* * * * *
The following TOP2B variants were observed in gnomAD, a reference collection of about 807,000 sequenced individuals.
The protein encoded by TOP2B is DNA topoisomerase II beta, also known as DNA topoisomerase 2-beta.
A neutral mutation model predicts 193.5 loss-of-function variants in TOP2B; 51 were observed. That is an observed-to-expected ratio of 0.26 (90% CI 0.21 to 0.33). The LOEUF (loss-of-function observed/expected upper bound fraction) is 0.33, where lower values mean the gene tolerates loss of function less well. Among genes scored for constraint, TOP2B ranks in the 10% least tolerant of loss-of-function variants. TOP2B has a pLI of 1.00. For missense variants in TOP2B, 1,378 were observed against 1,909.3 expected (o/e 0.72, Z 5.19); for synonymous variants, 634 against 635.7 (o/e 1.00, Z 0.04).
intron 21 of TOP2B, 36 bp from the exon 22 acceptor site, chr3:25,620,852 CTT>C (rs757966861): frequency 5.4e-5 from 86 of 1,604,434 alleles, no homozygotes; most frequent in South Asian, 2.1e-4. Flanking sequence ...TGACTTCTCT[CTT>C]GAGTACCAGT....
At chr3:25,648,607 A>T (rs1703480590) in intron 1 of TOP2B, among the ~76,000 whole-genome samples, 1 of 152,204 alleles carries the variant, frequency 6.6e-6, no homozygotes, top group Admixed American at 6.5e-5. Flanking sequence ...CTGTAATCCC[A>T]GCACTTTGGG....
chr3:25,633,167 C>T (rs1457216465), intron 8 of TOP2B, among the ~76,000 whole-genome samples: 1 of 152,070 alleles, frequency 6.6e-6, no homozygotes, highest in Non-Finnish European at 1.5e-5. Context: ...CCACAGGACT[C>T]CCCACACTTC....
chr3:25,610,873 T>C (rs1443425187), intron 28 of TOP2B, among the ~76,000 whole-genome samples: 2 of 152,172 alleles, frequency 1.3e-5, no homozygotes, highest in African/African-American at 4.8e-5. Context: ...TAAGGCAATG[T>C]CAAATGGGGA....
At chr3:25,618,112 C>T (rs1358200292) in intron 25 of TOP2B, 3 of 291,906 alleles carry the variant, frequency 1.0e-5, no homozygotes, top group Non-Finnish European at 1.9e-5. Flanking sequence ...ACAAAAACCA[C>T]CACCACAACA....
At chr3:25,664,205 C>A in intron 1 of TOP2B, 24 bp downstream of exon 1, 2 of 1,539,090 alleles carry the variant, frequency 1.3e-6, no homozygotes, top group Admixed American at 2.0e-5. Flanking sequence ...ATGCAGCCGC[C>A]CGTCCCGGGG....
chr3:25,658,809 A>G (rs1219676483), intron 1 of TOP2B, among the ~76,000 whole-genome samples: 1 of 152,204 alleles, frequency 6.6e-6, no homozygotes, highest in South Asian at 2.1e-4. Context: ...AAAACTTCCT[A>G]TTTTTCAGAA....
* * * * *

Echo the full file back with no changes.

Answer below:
The following TOP2B variants were observed in gnomAD, a reference collection of about 807,000 sequenced individuals.
The protein encoded by TOP2B is DNA topoisomerase II beta, also known as DNA topoisomerase 2-beta.
A neutral mutation model predicts 193.5 loss-of-function variants in TOP2B; 51 were observed. That is an observed-to-expected ratio of 0.26 (90% CI 0.21 to 0.33). The LOEUF (loss-of-function observed/expected upper bound fraction) is 0.33, where lower values mean the gene tolerates loss of function less well. Among genes scored for constraint, TOP2B ranks in the 10% least tolerant of loss-of-function variants. TOP2B has a pLI of 1.00. For missense variants in TOP2B, 1,378 were observed against 1,909.3 expected (o/e 0.72, Z 5.19); for synonymous variants, 634 against 635.7 (o/e 1.00, Z 0.04).
intron 21 of TOP2B, 36 bp from the exon 22 acceptor site, chr3:25,620,852 CTT>C (rs757966861): frequency 5.4e-5 from 86 of 1,604,434 alleles, no homozygotes; most frequent in South Asian, 2.1e-4. Flanking sequence ...TGACTTCTCT[CTT>C]GAGTACCAGT....
At chr3:25,648,607 A>T (rs1703480590) in intron 1 of TOP2B, among the ~76,000 whole-genome samples, 1 of 152,204 alleles carries the variant, frequency 6.6e-6, no homozygotes, top group Admixed American at 6.5e-5. Flanking sequence ...CTGTAATCCC[A>T]GCACTTTGGG....
chr3:25,633,167 C>T (rs1457216465), intron 8 of TOP2B, among the ~76,000 whole-genome samples: 1 of 152,070 alleles, frequency 6.6e-6, no homozygotes, highest in Non-Finnish European at 1.5e-5. Context: ...CCACAGGACT[C>T]CCCACACTTC....
chr3:25,610,873 T>C (rs1443425187), intron 28 of TOP2B, among the ~76,000 whole-genome samples: 2 of 152,172 alleles, frequency 1.3e-5, no homozygotes, highest in African/African-American at 4.8e-5. Context: ...TAAGGCAATG[T>C]CAAATGGGGA....
At chr3:25,618,112 C>T (rs1358200292) in intron 25 of TOP2B, 3 of 291,906 alleles carry the variant, frequency 1.0e-5, no homozygotes, top group Non-Finnish European at 1.9e-5. Flanking sequence ...ACAAAAACCA[C>T]CACCACAACA....
At chr3:25,664,205 C>A in intron 1 of TOP2B, 24 bp downstream of exon 1, 2 of 1,539,090 alleles carry the variant, frequency 1.3e-6, no homozygotes, top group Admixed American at 2.0e-5. Flanking sequence ...ATGCAGCCGC[C>A]CGTCCCGGGG....
chr3:25,658,809 A>G (rs1219676483), intron 1 of TOP2B, among the ~76,000 whole-genome samples: 1 of 152,204 alleles, frequency 6.6e-6, no homozygotes, highest in South Asian at 2.1e-4. Context: ...AAAACTTCCT[A>G]TTTTTCAGAA....